What to do When Your Lawyer Won’t Call You Back

If a client calls, emails, or even sends a letter to their law firm, the attorney should do everything they can to respond reasonably quickly. It’s simple as that.

I’m Gary Nissenbaum.

Welcome to another edition of Laying Down the Nissen-law, a podcast in which we seek to do a deep dive into the pressing issues confronting businesses, both large and small, that seek to protect themselves from legal pitfalls.

Please keep in mind that this podcast is not a substitute for legal advice. Consult an attorney for any specific situations that require representation.

And now…on to the Nissen-law…

What Do You Do If Your Attorney’s Not Calling You Back?

What do you do if your attorney’s not calling you back? That’s a tough question, isn’t it? The issue here is to what extent are they intentionally avoiding you, versus simply not being able to handle your call with all the other things that they have to do in a given day, and setting aside the fact that we don’t know why this is happening, maybe the bigger question is, what do you about it?

Well, obviously there’s no one answer and there’s no complete answer even if there were one answer. But what I can tell you is that there are certain principles that I think apply to this generally, there are certain patterns, and hopefully, some of what I’m about to tell you will give you some context and you can use those things to understand what’s going on, why it’s going on, and then weave your way through so that you’re able to get in touch with your attorney and deal with whatever the issue is that you have to discuss.

How Do Law Firms Work?

So the first thing is, how do law firms work? There’s no one answer to that but I will give you a general answer which might be helpful in this instance. There are law firms that are high-volume and low-volume. High-volume usually means consumer-oriented law firm. Examples of this might be a matrimonial practice, a family law practice. Another example might be criminal defense. Another example might be personal injury. These are situations in which the clients that are coming to the law firm generally have not been there before. Or if they have been there before, they’ve had one matter—maybe two.

I mean, after all, how many times are you going to be involved in a divorce? How many times are you going to be involved in a personal injury matter? How many times are you going to be involved in a criminal matter? So this is a situation in which volume is critical to the practice’s health. There have to be enough consumers coming to that practice so that there is a volume of work coming in, so that as those matters resolve, as they finish, new ones are there to replace them.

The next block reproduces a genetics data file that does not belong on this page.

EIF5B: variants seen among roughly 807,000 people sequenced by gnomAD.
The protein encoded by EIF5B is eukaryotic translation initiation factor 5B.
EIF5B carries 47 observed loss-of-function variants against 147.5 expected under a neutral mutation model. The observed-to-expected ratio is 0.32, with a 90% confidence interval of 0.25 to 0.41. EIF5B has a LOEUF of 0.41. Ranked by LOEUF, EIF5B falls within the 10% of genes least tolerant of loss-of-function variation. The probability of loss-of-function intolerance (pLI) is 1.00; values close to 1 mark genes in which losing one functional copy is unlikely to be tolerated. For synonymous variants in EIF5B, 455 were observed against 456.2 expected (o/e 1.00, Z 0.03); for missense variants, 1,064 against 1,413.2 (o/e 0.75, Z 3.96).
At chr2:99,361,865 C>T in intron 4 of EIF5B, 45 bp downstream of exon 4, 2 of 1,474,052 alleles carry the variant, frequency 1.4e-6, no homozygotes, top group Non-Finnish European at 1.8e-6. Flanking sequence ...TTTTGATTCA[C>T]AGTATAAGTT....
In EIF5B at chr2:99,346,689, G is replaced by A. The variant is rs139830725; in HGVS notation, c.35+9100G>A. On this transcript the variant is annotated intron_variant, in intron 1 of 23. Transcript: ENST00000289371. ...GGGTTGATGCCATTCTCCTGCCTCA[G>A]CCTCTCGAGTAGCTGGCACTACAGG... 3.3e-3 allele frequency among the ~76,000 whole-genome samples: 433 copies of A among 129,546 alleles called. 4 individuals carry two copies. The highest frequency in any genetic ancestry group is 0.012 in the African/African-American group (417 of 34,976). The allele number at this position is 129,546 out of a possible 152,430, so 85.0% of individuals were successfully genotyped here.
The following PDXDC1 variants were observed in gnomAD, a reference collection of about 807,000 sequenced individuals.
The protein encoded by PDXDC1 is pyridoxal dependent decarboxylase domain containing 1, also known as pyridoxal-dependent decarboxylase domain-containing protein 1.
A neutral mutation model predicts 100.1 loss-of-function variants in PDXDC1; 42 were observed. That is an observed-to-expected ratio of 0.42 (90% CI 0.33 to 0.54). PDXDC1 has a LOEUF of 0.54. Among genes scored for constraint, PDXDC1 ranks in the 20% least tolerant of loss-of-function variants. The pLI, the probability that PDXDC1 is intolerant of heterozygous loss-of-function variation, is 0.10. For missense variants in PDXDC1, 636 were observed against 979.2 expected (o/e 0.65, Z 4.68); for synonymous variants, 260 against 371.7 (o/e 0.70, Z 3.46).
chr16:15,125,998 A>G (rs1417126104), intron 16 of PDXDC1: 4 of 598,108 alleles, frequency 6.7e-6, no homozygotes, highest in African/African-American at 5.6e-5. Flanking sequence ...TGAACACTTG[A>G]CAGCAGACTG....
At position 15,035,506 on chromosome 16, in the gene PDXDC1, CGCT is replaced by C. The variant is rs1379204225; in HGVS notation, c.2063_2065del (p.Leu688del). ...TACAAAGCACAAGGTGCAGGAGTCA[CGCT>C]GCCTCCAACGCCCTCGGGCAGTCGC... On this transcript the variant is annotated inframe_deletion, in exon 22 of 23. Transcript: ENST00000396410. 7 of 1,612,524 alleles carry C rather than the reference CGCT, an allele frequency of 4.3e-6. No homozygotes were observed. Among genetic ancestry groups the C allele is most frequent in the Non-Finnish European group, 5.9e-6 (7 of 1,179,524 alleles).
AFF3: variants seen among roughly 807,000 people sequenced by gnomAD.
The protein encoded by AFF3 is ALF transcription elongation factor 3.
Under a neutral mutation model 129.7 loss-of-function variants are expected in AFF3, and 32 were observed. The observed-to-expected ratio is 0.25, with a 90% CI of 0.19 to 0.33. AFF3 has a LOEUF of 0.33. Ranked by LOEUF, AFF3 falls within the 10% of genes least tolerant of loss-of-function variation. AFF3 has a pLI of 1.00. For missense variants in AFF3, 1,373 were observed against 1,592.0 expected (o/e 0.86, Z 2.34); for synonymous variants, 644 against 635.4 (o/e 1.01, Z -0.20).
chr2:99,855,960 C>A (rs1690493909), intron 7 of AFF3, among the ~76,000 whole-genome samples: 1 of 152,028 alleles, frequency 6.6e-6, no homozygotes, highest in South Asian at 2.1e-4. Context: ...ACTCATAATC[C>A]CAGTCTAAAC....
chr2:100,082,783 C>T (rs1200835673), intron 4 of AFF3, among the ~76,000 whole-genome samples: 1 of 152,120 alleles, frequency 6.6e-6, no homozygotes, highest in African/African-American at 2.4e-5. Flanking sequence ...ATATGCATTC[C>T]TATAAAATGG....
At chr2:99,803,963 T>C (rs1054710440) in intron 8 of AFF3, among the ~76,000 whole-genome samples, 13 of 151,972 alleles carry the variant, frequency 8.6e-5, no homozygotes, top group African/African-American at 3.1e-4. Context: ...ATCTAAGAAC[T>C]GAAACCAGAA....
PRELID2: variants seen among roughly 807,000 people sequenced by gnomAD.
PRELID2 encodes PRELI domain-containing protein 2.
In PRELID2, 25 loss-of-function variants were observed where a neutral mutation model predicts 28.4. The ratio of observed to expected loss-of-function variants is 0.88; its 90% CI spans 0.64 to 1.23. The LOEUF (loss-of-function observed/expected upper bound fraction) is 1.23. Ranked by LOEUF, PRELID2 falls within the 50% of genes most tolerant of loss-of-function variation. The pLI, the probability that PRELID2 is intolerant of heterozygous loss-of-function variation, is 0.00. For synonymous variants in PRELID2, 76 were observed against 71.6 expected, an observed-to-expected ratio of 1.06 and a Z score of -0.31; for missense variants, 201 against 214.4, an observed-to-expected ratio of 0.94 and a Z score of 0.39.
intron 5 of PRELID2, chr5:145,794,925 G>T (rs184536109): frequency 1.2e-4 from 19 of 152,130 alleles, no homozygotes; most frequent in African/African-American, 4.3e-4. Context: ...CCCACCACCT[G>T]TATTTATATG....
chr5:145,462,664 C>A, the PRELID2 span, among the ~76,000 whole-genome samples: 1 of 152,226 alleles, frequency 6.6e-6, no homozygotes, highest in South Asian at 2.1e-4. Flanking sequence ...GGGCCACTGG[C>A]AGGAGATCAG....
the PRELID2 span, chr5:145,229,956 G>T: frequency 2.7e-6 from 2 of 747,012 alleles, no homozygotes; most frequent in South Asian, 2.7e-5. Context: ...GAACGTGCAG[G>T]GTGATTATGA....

In that sort of situation, there’s a real need for standardization. There’s a real need to sort of create protocols so that the clients are handled separately and in a distinct way but in the same general manner. In other words, phone calls are returned this way. Letters are written this way. Briefs get out the door this way. Legal research is double-checked this way. The idea is that that standardization, those protocols, are there so that someone who could handle ten cases or fifteen cases comfortably if every one of them were different and they were essentially reinventing the wheel each time, that that person can then handle 25 cases, 30, 40, 50, because there’s a level of standardization in how they’re handled.

Individual Attention Might Not Be Critical to the Actual Success or Failure of Your Case

In that sort of situation, the idea that a client can call out of the blue and simply ask such things as, you know, how’s my case going, what do you think I should be doing here, when do you think it’ll be over, and have these general conversations, becomes an impediment to the standardization concept. So is that why your attorney is not calling you back? Is it because you are in a practice area that is subject to standardization to allow for more clients to be served by the same lawyer with a consequent inability of that lawyer to give the kind of individual attention that you might want but that might not be critical to the actual success or failure of the lawsuit or resulting legal matter that you have hired them to do.

In other words, do you need an attorney to hold your hand on things that are not directly relevant to whether or not you’re going to win your case? Or would you rather that they simply win the case and involve you when they need you in order to do something that will help that effort. It’s an important question and I’m not even saying that there’s one right answer to that. What I’m saying is, talk about that with your lawyer at the beginning. Lay that out when you are retaining that lawyer and make it clear what your expectations are.

If you say at the very beginning, before you retain them, “This is what I anticipate. That if I call you up, I won’t waste your time, but I may want to just check in with you and I need you to call me back. And if you can’t make that promise, that I’ll get called back in a reasonable amount of time, I’ve got to go to a different lawyer.”

Be Clear About What You Expect from Your Lawyer